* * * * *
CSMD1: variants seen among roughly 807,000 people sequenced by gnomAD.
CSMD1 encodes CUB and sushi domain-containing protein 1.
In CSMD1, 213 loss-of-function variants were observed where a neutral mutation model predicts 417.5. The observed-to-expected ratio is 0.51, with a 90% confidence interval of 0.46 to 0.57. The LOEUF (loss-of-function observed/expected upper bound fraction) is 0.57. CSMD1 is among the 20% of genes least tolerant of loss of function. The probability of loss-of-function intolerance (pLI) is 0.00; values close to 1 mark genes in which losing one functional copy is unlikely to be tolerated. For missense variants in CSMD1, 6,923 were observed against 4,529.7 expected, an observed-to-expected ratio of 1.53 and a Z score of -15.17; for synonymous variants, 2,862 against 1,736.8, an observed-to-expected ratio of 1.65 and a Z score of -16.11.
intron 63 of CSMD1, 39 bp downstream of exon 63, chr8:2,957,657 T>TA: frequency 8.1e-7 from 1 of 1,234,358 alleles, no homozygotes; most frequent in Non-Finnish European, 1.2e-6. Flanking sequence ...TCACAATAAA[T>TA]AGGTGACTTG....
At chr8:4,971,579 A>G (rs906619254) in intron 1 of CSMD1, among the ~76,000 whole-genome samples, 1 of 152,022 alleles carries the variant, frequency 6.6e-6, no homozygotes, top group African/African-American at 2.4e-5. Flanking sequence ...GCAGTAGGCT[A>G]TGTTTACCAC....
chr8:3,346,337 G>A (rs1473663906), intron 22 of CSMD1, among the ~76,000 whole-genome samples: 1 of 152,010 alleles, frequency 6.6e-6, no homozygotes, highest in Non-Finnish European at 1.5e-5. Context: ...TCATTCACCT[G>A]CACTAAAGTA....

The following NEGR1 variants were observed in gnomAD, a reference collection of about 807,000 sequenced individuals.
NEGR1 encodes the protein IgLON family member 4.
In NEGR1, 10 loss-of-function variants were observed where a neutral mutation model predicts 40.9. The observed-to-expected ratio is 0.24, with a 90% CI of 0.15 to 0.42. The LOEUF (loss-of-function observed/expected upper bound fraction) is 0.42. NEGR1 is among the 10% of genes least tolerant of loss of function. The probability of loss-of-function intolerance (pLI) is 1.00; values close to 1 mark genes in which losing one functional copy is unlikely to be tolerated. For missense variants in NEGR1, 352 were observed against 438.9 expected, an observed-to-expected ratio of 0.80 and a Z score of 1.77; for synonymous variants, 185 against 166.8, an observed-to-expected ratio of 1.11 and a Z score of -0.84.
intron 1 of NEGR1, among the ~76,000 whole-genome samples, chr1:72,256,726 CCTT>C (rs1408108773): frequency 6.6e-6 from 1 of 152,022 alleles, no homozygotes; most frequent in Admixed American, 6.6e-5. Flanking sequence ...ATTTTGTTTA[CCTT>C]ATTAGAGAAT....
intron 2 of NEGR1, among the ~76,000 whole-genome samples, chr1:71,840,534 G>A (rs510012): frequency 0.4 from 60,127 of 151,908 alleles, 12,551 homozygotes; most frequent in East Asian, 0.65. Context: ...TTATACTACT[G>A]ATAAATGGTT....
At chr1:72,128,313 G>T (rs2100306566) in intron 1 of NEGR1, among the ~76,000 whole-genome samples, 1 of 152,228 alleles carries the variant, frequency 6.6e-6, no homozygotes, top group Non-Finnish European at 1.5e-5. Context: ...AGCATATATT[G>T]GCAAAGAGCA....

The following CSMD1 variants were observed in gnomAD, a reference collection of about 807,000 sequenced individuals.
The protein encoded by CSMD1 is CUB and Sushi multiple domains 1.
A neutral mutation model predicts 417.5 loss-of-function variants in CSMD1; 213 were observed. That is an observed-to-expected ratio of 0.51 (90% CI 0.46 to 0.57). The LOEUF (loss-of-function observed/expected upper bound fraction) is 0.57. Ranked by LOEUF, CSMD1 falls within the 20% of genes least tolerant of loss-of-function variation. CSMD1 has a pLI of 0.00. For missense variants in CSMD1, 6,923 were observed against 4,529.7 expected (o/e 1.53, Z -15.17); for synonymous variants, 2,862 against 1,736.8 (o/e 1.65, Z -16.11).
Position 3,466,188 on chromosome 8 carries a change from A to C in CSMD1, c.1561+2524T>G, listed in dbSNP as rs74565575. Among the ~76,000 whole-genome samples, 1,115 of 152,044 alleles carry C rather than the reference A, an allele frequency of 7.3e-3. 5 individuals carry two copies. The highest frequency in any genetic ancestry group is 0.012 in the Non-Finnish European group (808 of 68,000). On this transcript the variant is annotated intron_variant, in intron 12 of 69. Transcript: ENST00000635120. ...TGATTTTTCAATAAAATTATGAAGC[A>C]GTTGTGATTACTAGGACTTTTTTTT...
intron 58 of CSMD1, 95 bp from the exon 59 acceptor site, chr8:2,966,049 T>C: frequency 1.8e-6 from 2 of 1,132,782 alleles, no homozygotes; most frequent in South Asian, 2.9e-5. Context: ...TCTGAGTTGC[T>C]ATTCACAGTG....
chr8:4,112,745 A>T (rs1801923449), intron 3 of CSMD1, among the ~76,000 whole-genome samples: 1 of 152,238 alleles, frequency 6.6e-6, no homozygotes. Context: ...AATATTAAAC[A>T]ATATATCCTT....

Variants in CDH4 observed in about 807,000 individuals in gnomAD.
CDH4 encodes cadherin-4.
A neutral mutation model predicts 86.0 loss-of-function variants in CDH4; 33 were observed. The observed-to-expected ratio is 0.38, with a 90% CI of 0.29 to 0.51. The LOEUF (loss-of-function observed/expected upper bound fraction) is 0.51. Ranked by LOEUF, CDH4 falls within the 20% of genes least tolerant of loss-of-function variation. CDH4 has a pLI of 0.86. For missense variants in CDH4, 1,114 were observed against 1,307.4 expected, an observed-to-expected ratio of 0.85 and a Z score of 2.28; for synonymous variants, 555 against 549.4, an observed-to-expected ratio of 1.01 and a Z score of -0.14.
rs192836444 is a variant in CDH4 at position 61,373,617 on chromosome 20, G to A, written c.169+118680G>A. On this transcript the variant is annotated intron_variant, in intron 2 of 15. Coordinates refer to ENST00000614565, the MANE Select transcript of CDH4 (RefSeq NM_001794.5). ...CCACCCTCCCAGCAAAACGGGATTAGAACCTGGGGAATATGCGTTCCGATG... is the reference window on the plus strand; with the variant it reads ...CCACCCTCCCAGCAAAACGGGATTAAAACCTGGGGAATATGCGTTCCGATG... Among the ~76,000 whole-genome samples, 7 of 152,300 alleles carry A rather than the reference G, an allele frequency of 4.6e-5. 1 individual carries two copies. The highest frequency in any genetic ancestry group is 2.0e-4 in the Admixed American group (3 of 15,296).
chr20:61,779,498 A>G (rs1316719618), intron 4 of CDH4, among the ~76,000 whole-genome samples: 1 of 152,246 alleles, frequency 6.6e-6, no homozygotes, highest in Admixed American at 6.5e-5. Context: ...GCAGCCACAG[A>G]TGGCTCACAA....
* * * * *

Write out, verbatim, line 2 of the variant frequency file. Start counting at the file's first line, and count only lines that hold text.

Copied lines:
CSMD1 encodes CUB and sushi domain-containing protein 1.